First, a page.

Flagship development within a campus-wide redevelopment programme
Vijay Patel Building
The Vijay Patel Building was delivered as the flagship development within a campus-wide redevelopment programme for De Montfort University, providing new facilities for fashion and textiles, art, design and architecture. The building incorporates a 300-seat lecture theatre, with tiered seating that can be retracted when not required, lending more flexibility to the use of the space.
The Vijay Patel Building forms a striking centrepiece to our £136 million campus transformation project. It is stunning to look at both inside and out and is proving to be an inspirational teaching and learning space for our students and staff.
Director of Estates & Commercial Services
With our team providing building services engineering and sustainability consultancy, the new facilities were completed to a high standard, achieving a BREEAM Excellent rating and drawing strong praise from staff and students. They were described as the ‘best new building in Leicester’ by the Leicester Civic Society, with the judges celebrating both its modernity and strong functionality.
The flexibility to retract the lecture-theatre seating meant that the air supply diffusers had to be carefully selected to provide the correct airflow and stratification within the space, while not causing draughts and discomfort to occupants when the room was configured as a lecture theatre.
Given the scope and complexity of the development, a coordinated approach was essential across the design team. We therefore used BIM throughout the design period before appointment of the contractor, and we supported extensive client and stakeholder engagement from the outset to inform high-level design concepts.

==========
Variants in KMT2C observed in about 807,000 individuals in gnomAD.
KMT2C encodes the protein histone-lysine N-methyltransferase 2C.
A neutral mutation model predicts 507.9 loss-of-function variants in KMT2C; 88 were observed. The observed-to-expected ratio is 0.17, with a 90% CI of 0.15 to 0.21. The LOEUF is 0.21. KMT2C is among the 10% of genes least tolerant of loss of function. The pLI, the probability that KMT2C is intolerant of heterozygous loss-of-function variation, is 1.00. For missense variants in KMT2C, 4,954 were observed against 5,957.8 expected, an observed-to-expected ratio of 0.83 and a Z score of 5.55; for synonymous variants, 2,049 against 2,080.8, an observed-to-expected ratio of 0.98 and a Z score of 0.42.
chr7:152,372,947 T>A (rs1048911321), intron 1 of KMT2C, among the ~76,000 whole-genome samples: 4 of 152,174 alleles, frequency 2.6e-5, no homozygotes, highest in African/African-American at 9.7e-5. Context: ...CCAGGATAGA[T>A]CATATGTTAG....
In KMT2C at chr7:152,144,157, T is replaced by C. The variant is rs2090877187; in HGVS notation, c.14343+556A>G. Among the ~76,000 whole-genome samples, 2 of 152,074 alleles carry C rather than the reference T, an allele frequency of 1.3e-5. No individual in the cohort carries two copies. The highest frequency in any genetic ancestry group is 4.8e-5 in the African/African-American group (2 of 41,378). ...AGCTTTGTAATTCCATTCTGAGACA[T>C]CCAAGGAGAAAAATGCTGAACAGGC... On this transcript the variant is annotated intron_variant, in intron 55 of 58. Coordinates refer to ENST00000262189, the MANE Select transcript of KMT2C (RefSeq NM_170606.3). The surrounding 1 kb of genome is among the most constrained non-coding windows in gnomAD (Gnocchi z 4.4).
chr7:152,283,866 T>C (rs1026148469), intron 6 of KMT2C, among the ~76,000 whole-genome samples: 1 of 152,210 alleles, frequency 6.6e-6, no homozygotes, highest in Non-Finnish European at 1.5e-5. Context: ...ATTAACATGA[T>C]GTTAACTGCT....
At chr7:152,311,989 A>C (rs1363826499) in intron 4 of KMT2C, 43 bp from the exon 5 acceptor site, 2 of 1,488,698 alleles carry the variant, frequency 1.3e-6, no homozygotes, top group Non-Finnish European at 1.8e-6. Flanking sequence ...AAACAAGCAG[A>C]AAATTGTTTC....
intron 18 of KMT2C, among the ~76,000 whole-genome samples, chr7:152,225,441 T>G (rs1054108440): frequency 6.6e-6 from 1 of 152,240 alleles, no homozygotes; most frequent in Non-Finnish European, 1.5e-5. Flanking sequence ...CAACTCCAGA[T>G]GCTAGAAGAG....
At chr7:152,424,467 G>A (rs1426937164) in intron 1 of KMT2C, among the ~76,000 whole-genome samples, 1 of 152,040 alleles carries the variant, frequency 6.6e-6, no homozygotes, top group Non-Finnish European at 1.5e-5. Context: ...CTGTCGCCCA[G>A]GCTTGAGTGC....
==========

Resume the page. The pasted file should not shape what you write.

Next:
We undertook all-encompassing surveys and meetings with the University hierarchy and end users. We supported these with feasibility investigations to capture services requirements which identified unit dimensions, electrical loadings, noise levels, working envelope, drainage, ventilation rates, PAT testing, condition of existing equipment, transfer location, etc.
Using dynamic thermal modelling helped us develop our mechanical ventilation strategy and optimise the glazed façade. This maximised daylight, natural ventilation and solar control, as well as meeting the university’s performance and sustainability criteria. Our ventilation design comprised mechanical ventilation with heat recovery.
Thermal modelling allowed us to accurately assess CO2 levels and overheating issues within the lecture theatre, which we resolved through use of invertor-driven motors, CO2 and temperature sensors and heat pump condensing units integrated into the air handling unit’s controls. This ensured a minimum ventilation rate would always be delivered, with the volume flow rising based on increased occupancy or space temperature. It also provided a simple and intuitive means of adjusting the room conditions.